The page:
Countries are racing to lead the Clean Revolution, UNEP report shows
- 18 November 2011
BEIJING: The new Green Economy report from UN Environment Programme (UNEP) demonstrates that as COP17 and Rio +20 draw closer, world leaders are taking the transformational steps needed to achieve a prosperous, low carbon global economy.
Achim Steiner, UN Under Secretary, General and Executive Director, UNEP, announced the launch of the Green Economy report at the 20th Anniversary Open Forum of the China Council for International Cooperation on Environment and Development in Beijing this week.
A major finding of the report shows that with the right policies in place, if the world invests 2% of GDP in ten key sectors including energy, buildings and manufacturing, the global economy will thrive and we will avoid dangerous climate change.
Other key points in the report include:
- The 2% GDP investment transition would grow the global economy at the same rate or higher than what is currently forecast - but without the rising risks, shocks, scarcities and crises that come with a resource-depleting economy.
- Compared to under current economic models, an overall transition to a Green Economy would mean higher per capita incomes.
- Our ecological footprint could be reduced up to 50% in 2050 compared to current projections with a transition to a Green Economy.
- Over time, jobs will surge in renewables industries.
A growing number of countries are already acting on the report’s recommendations, including the Republic of Korea and South Africa.
“The elements of a transition to a Green Economy are clearly emerging across developing and developed countries alike. There are now some nations going further and faster than others which is in many ways generating a ‘pull factor’ that, if maintained, may bring others along over the coming months and years.” said Achim Steiner.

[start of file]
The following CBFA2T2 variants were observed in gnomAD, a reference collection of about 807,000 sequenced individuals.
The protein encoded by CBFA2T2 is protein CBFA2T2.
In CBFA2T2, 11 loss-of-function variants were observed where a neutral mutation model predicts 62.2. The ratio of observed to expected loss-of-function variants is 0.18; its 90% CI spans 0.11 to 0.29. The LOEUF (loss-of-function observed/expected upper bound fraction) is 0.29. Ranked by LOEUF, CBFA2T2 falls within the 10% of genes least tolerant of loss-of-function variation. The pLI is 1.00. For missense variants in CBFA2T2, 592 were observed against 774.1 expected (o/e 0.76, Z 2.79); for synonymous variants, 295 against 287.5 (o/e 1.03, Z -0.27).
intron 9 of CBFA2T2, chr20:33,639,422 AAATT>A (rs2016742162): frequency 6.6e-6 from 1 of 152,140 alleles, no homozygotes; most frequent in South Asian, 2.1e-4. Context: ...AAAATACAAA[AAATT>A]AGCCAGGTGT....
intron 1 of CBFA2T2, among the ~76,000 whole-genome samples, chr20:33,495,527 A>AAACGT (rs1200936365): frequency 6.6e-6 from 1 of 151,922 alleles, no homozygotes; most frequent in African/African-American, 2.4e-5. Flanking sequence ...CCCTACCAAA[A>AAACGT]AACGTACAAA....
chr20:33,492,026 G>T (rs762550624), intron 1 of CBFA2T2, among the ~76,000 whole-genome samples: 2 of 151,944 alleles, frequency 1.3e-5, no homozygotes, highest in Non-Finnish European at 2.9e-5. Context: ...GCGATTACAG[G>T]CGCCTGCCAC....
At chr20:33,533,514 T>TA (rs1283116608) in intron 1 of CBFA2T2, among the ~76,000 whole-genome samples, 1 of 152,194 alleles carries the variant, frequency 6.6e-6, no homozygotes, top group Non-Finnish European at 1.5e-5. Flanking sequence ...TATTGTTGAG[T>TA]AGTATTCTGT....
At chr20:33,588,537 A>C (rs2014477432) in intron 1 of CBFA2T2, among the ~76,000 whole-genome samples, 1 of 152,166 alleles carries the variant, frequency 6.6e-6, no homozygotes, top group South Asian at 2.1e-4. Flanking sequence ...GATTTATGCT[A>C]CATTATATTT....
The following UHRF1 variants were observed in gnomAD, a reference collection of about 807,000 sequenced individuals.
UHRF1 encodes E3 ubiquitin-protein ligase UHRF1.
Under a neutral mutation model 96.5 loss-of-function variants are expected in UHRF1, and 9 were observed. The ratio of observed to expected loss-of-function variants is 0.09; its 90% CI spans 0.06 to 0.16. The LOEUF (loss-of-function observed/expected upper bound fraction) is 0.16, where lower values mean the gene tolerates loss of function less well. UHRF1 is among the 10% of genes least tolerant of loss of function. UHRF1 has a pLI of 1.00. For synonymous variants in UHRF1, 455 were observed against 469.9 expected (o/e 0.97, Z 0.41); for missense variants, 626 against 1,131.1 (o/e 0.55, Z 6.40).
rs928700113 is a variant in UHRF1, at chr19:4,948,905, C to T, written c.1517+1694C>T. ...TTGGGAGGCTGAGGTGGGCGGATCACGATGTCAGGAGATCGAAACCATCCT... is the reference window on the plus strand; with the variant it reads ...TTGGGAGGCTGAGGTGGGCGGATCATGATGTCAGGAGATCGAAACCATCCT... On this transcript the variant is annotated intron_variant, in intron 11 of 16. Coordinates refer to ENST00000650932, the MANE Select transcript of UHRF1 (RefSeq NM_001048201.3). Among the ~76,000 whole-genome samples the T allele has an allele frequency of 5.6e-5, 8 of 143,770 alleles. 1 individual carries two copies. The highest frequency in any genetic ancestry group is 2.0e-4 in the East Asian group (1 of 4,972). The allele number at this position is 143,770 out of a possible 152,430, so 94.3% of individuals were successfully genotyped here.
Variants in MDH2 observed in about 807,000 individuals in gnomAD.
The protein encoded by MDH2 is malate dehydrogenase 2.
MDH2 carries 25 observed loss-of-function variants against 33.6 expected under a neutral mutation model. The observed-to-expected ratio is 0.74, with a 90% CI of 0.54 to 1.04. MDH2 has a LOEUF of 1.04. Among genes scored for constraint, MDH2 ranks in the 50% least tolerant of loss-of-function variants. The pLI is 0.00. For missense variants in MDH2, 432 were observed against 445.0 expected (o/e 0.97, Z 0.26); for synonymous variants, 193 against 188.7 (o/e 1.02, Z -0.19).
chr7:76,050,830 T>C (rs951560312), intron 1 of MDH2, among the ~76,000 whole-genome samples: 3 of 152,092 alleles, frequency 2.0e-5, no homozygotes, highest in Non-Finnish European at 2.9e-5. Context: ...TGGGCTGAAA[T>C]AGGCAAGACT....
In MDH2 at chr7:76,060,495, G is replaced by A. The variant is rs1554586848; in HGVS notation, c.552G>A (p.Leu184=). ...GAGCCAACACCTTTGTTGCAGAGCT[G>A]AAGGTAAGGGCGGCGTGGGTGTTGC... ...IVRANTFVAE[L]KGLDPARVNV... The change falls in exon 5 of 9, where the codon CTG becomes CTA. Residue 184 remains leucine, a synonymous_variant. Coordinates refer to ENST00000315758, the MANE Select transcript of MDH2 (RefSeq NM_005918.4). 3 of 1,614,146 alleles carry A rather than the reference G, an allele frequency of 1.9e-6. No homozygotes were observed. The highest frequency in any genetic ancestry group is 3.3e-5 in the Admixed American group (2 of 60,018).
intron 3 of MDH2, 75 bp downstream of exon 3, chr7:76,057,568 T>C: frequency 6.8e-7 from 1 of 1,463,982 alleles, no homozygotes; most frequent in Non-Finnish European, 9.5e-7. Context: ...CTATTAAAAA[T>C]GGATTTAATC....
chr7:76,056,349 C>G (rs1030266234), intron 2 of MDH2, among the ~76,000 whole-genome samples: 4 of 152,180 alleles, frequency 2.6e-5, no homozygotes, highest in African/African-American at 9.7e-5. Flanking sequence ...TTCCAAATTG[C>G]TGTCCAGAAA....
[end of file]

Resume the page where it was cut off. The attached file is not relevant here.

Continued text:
China is currently the world’s lead investor in renewable energy, and is expected to present its strategy for taking steps towards a Green Economy at this week’s China Council.
He Bingguang, Director General, Department of Resource Conservation and Environmental Protection, China’s National Development and Reform Commission said: “China considers the Green Economy to be a strategic choice in an increasingly resource constrained world, and we have made that choice in our development plans.”
Speaking at the China Council, Achim Steiner said: ‘China and indeed countries everywhere are acting, setting goals and establishing aims in order to transition to a low carbon, resource-efficient Green Economy. President Hu Jintao […] underlined the importance of these key ecosystems describing them as "the first priority on China's agenda to promote the ecological civilization and fight against climate change".’
But despite praising China’s innovative moves and ‘renaissance’ economy, Achim Steiner also said China’s growth has ‘come at a cost’.
Changhua Wu, Greater China Director, The Climate Group comments: “The price China has paid for its miracle rapid economic growth in the last three decades is way too high. But it has also awakened Chinese decision makers, business leaders and the public that China has to rethink its future growth strategy. The Clean Revolution has become the national strategy, as demonstrated by the green ambition the country has set for its development for the coming decade. Provinces and cities are all taking active steps to explore and develop their own green strategies. With clearly set policy direction and certainty, capital has been flowing into energy saving, renewable energy and other clean technology sectors. In the meantime, the rising level of public awareness and demand for safe and environmentally-friendly products and services is also driving businesses towards a cleaner future.”
The report comes at a pivotal moment as we approach COP17 in Durban and begin to prepare for Rio+20 in June 2012.
In a statement issued on the release of UNEP’s flagship report, Towards a Green Economy: Pathways to Sustainable Development and Poverty Eradication, Ban Ki Moon, UN Secretary General said: "With the world looking ahead to the Rio+20 UN Conference on Sustainable Development in June 2012, the UNEP Green Economy report challenges the myth that there is a trade-off between the economy and the environment. With smart public policies, governments can grow their economies, generate decent employment and accelerate social progress in a way that keeps humanity's ecological footprint within the planet's carrying capacity.'
Steiner concluded his China Council speech with a call for transformational leadership to drive Rio’s successful outcome. He said: ‘I am not a clairvoyant-I cannot see the future. But Rio+20 [...] stands or falls on the issue of leadership and the engagement of leaders at the highest level to seize the opportunity for a sustainable 21st century.’
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